Because like all the other guages, each work independently of one another, and show different happenings going on with the engine. The tach itself could be bad, or maybe disconnected from the ignition system. You will need to find someone to troubleshoot it, if you want it fixed. If not, don't worry about it.
Check the fuse.
On a car, there is a float inside your gas tank. It is attached to a switch that sends the empty.....full signals to your fuel gauge.
It could be a number of different things; if the radio and other electrical things work with the key to acc. then it is most likely not electrical. It would be best to take it to a mechanic and have them scan it to see what is wrong. Hope this helps.
You take the car to a professional. You do not have the proper tools and gauges to do this yourself. You have a leak that needs to be repaired or you would not need to recharge the A/C.
If your 1949 truck is a CHEVY or GMC and it still has the original electrical system, it would be 6 volt, negative ground. If it is a Dodge or a Ford with the oringinal electrical system it would be 6 volt, positive ground.
Electrical connection issue.
One can find information about depth gauges online. However, for tire depth gauges the best place would be the local automotive store, and for the chainsaw depth gauge the best place to go is to a home improvement store.
Fuel [Petrol] Gauges that Fail to WorkAlthough there could be one or more other causes for a fuel/Petrol gauge to fail to work, the answer is YES, a "blown" fuse could cause the gauge to not work.
It would be better to write: My gas gauge reads empty. Note that 'gauge' is singular, so it needs the singular verb, reads. If you had several cars all with gas gauges that read empty, then the verb would be read.
A pressure gauge is an instrument that measures the pressure in a vessel, a line, or whatever the pressure gauge is connected to. Pressure gauges come in at least two different types: differential pressure gauges, and absolute pressure gauges. Differential pressure gauges measure - surprise - DIFFERENCES in pressure. Pressure gauges that read "zero" when not attached to anything would actually be differential gauges that measure the difference between atmospheric pressure and the pressure of whatever they are attached to. Vacuum gauges are differential gauges that measure how far BELOW atmospheric pressure the pressure is in a vessel or pipe. Gauges that measure "gauge pressure" are just differential gauges that are calibrated to measure zero at atmospheric pressure. Absolute pressure gauges would only read "zero" if they were attached to an absolute vacuum. A common type of absolute pressure gauge is a barometer. Strictly speaking, a mercury barometer is really a differential gauge that measures the difference between the vapor pressure of the mercury and the surrounding atmosphere, but the vapor pressure of the mercury is so low that the error in treating it as an absolute pressure gauge is generally negligible. There are many different kinds of gauges used to measure pressure including: Instruments hydrostatic - These measure pressure according the height of a liquid in a column. The height of the liquid is proportional to the pressure. Common types of hydrostatic gauges include: manometers, McLeod gauges, and piston gauges. aneroid - The pressure sensing element may be a Bourdon, a diaphragm, a capsule, or a set of bellows, which will change shape with changes in the pressure of whatever the gauge is attached to. The deflection of the pressure sensing element is read by a linkage connected to a needle or by a secondary transducer. The most common secondary transducers in modern vacuum gauges measure a change in capacitance due to the mechanical deflection. Gauges that rely on a change in capacitance are often referred to as Baratron gauges. Electronic sensors thermal conductivity - including two wire and one wire gauges that measure pressure via changes in the thermal conductivity of the wires as they are placed under strain. Something like this is used in a lot of electronic bathroom scales. ionization gauges - These are primarily used for measurements of low-pressure gasses. They sense pressure indirectly by measuring the electrical ions produced when the gas is bombarded with electrons. Fewer ions will be produced by lower density gases. they have to be calibrated against another type of pressure gauge and depend on the gas being measured.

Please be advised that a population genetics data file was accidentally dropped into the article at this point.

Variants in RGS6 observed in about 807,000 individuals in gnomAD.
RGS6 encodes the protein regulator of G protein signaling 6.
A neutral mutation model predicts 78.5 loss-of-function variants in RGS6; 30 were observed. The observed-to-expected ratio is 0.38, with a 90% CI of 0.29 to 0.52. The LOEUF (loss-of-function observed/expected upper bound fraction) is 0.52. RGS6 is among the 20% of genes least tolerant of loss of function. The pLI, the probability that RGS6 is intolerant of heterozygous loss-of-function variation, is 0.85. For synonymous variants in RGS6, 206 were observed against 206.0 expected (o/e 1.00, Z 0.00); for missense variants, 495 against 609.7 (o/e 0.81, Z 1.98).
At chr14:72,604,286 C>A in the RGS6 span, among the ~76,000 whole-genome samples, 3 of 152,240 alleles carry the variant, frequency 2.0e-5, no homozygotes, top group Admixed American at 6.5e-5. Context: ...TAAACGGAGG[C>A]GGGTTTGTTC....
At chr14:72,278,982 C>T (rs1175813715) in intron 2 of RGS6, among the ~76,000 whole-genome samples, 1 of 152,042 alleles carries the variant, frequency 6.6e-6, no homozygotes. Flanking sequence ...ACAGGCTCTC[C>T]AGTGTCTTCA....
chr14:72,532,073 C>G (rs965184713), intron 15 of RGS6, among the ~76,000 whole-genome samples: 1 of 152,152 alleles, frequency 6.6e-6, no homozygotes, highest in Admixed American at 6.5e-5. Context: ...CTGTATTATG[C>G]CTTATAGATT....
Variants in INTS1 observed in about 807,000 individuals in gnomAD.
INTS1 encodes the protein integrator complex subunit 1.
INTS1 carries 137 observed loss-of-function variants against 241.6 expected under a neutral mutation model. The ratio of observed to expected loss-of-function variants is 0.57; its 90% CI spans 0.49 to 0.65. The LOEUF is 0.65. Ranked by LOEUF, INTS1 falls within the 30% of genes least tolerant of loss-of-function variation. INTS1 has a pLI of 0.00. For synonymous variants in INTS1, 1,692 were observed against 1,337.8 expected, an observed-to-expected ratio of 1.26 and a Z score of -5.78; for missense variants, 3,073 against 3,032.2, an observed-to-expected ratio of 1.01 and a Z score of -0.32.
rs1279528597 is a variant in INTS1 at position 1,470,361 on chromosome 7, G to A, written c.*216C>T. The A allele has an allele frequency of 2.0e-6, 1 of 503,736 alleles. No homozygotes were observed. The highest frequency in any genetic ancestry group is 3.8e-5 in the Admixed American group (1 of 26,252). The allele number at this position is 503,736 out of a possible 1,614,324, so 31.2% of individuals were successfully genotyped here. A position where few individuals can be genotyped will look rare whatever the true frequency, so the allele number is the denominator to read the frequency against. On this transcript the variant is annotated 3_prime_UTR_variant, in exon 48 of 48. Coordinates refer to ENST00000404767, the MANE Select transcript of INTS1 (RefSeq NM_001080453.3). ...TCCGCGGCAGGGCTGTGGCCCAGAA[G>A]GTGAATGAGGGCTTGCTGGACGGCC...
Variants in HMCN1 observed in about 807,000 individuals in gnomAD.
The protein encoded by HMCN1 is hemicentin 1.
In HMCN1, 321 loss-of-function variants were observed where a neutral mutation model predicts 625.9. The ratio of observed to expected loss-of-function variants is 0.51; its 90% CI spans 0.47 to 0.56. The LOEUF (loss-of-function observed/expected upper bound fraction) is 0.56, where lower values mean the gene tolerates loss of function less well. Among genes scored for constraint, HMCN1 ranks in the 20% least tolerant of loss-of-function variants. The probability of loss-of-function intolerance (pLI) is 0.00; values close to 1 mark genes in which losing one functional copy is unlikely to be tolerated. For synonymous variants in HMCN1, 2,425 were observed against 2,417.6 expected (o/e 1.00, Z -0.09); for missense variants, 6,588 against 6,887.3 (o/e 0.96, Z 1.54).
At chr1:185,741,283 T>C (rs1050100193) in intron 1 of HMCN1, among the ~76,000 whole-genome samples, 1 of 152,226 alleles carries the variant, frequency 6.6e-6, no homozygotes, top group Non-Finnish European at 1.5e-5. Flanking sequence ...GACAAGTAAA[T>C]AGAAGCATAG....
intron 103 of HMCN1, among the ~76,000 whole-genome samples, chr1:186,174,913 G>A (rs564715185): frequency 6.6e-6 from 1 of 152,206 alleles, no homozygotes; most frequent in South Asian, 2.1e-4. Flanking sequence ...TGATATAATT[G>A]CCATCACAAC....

Ultrasonic thickness gauges can be found at any Grainger like store the reason you would need this type of gauge is if you are measuring coating or linings . The model type that would be best for you would need to be determined by the type of material you are working with.
It could be a fuse .That would be a starting place.
Air fuel ratio gauges rely on a sensor that is very much like an O2 sensor used in a car's emmission system. Therefore you would have to have 'bung' drilled and welded into your cars exhaust system to mount the sensor for the air/fuel gauge. After that, run the wiring and mount the gauge like any other aftermarket gauge.
I have no idea what you mean!... Standard gauges are 18 (regular earrings), 16 (smallest gauge of body jewelry, generally), 14 (also very standard) and then 12 and lower is getting to be large gauge for stretching. "1.6 gauge" does not exist, since gauges come in increments of 2 (and 0 gauge is an inch thick and very few people have such stretched holes!) And 14 WHAT? Millimeters? And if you know how long the jewelry is, and the gauge, then what size is left for you to be asking about?
Probably electrical, you may have accidentally unplugged a connector.